Using that same computer networking platform, have some fun teaching your grandchildren something new. Choose “demo mode” to show them how to sew a pillow or build a birdhouse. Or go with a “class participation” format and hold lessons on drawing or baking.

  • Host a talent night

Select a date and time, schedule your talent night using your favorite online networking platform, and then get busy practicing. Hold your talent night all in one session or spread it over several days. You might even want to make a competition out of it.

  • Conduct Interviews

Open-ended questions can provide tremendous insight. Get to know your grandchildren better by using great questions to conduct personal interviews. 

Not all interviews need to look the same. Your interviews can be formal or informal, completed in one session or spread over time, done with pencil and paper via snail mail or carried out using Zoom. Furthermore, while we are all being affected by COVID-19, you might want to develop a habit of asking a question every two to three days to keep communication going.

Following is a brief list of questions to get you started. When deciding upon the number of questions to ask in a session, be sure to keep the age of your grandchild in mind.

Interview Question Starter List:
1. What is your favorite school subject?

2. What do you like to do for fun?

3. What is your favorite color?

4. What is your favorite song?

5. What item do you take with you everywhere you go?

6. What two new things would you like to learn?

7. Who is your closest friend?

8. What is your favorite Bible verse/book of the Bible?

9. Which Bible character do you find most fascinating?

10. Is there anything you would like to ask me?

Photo Credit: ©GettyImages/DragonImages

3. Fun & Games

  • Movie night

Choose a movie for all family members to watch in their own homes at the same time. In real time, text photos back and forth of the movie watching (including the snacks). Then after the movie set up a video call to discuss the movie itself.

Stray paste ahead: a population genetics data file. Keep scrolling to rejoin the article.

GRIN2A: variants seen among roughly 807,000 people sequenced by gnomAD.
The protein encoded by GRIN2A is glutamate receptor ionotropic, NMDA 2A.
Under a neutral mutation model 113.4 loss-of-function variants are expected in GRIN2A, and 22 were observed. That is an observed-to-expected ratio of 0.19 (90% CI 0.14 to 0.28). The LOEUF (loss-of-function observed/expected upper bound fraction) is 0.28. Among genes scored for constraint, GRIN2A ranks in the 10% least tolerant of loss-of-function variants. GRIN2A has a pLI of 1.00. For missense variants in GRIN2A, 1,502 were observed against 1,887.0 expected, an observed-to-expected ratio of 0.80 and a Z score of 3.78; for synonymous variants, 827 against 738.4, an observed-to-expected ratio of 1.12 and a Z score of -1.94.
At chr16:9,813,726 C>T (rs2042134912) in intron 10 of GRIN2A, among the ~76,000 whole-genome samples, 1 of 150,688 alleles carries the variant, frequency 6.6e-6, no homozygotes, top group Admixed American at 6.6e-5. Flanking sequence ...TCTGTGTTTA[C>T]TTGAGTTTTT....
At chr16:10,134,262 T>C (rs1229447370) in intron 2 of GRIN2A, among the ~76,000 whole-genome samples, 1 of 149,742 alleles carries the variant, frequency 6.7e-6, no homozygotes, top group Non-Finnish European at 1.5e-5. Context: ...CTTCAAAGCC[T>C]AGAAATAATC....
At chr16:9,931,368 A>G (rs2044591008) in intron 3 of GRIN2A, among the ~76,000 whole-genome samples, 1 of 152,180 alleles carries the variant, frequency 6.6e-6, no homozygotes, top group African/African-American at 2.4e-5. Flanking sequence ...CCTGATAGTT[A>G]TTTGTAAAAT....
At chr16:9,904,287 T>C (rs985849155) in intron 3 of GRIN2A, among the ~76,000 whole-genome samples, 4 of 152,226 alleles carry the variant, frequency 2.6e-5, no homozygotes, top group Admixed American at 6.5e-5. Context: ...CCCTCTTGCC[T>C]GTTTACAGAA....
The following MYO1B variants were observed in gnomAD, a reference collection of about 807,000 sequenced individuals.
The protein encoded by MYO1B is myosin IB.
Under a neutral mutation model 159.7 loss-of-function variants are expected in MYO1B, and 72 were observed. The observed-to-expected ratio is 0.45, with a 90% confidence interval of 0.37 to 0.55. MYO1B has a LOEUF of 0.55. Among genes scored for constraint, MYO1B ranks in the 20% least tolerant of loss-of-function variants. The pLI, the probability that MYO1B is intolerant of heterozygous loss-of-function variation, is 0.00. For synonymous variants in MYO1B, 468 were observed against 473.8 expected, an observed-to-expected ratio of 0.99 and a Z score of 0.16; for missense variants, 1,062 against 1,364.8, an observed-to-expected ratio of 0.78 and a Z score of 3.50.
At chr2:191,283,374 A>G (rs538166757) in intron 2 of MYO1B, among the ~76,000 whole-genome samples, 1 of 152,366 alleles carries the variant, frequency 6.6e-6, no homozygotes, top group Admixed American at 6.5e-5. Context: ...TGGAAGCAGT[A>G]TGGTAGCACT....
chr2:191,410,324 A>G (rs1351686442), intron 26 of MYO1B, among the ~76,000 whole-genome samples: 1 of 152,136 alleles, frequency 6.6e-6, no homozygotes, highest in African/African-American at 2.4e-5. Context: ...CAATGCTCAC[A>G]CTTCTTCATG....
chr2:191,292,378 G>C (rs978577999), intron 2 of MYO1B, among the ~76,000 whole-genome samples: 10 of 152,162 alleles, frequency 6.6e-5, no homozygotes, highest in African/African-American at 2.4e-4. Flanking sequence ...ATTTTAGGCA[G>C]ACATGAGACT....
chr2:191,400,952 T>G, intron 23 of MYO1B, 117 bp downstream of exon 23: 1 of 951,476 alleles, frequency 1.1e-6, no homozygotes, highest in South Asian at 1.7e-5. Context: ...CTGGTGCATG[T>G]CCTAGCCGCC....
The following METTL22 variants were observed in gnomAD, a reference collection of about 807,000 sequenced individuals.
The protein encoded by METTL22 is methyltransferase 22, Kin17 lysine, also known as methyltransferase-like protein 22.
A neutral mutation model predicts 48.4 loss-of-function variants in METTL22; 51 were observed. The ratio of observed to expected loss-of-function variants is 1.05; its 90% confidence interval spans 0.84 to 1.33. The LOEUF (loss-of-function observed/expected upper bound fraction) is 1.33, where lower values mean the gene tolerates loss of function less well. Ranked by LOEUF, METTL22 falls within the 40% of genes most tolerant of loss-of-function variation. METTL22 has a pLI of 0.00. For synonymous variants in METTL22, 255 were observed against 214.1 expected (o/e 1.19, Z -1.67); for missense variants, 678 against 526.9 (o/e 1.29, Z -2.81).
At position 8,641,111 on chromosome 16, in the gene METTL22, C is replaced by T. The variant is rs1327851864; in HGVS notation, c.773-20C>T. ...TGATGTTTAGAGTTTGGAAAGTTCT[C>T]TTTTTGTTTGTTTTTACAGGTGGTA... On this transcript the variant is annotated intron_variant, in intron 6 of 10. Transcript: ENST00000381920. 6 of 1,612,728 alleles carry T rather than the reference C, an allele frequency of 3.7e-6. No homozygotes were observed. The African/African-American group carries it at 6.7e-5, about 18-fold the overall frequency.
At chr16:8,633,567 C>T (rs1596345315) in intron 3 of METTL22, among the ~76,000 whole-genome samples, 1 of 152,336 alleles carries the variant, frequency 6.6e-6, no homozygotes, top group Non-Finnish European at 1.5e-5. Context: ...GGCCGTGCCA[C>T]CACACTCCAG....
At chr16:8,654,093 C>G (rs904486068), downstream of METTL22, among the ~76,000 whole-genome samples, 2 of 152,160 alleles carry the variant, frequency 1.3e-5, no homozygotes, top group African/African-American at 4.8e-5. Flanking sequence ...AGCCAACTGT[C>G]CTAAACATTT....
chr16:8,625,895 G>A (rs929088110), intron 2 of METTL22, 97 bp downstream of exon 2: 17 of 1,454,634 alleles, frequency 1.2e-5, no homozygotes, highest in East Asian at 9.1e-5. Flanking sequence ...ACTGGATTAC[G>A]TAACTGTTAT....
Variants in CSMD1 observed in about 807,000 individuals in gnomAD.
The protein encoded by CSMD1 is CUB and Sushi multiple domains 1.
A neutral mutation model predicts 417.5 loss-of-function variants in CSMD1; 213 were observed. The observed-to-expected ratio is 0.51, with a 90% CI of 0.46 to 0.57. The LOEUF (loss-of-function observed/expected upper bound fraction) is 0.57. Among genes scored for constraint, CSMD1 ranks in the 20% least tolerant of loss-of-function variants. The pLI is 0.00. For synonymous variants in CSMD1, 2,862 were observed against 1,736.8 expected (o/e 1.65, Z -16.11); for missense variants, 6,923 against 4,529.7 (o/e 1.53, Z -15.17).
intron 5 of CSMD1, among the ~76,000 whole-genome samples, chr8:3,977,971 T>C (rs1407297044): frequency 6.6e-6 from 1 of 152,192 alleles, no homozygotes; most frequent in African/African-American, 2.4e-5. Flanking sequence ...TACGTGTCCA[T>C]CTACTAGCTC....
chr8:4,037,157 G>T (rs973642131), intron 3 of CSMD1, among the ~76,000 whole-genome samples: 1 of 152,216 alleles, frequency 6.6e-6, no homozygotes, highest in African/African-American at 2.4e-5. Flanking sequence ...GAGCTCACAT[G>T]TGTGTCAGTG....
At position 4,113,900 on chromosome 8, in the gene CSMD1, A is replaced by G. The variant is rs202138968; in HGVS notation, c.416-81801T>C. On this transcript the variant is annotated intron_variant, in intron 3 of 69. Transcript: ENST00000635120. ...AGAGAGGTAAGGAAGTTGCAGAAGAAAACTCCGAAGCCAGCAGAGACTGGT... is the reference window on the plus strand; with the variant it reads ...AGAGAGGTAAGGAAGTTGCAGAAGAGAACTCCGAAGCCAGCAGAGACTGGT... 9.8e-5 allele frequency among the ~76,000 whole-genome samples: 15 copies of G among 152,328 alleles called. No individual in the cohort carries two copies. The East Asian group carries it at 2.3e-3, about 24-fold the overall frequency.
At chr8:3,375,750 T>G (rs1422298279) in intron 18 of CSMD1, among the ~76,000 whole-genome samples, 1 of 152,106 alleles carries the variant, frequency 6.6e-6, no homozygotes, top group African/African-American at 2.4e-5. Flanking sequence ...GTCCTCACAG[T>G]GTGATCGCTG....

• Virtual book club

Hold a book club online. Begin by selecting a great book for all club members to read independently. Then schedule weekly club meetings via your favorite video conferencing platform. During your meetings, discuss the book and share your opinions on characters, plot, and author’s technique. For some added fun, invite everyone to bring their favorite snack to the meeting.

Create an adventure based on the books by Jeff Brown. Cut out a paper doll and name it after your grandchild, Flat (fill in your grandchild’s first name). Then introduce the doll to your grandchild by mail. Along with the introduction, ask your grandchild to take photos of their adventures with Flat ________ and send them to you. For prolonged fun, your doll can be mailed back and forth.

  • More fun ideas

There are many more ideas for fun and games during COVID-19. Research a topic that interests both you and your grandchild. Hold a joke-telling contest or issue a daily step-count challenge. Get online and create a personalized crossword puzzle for your grandchild to solve.

A couple more fun ideas are to use a video conferencing platform to play charades or other family games or to celebrate a silly holiday across social distancing.

Photo Credit: ©Pexels/Eduardo-Braga

4. Prayer

  • Make use of available technology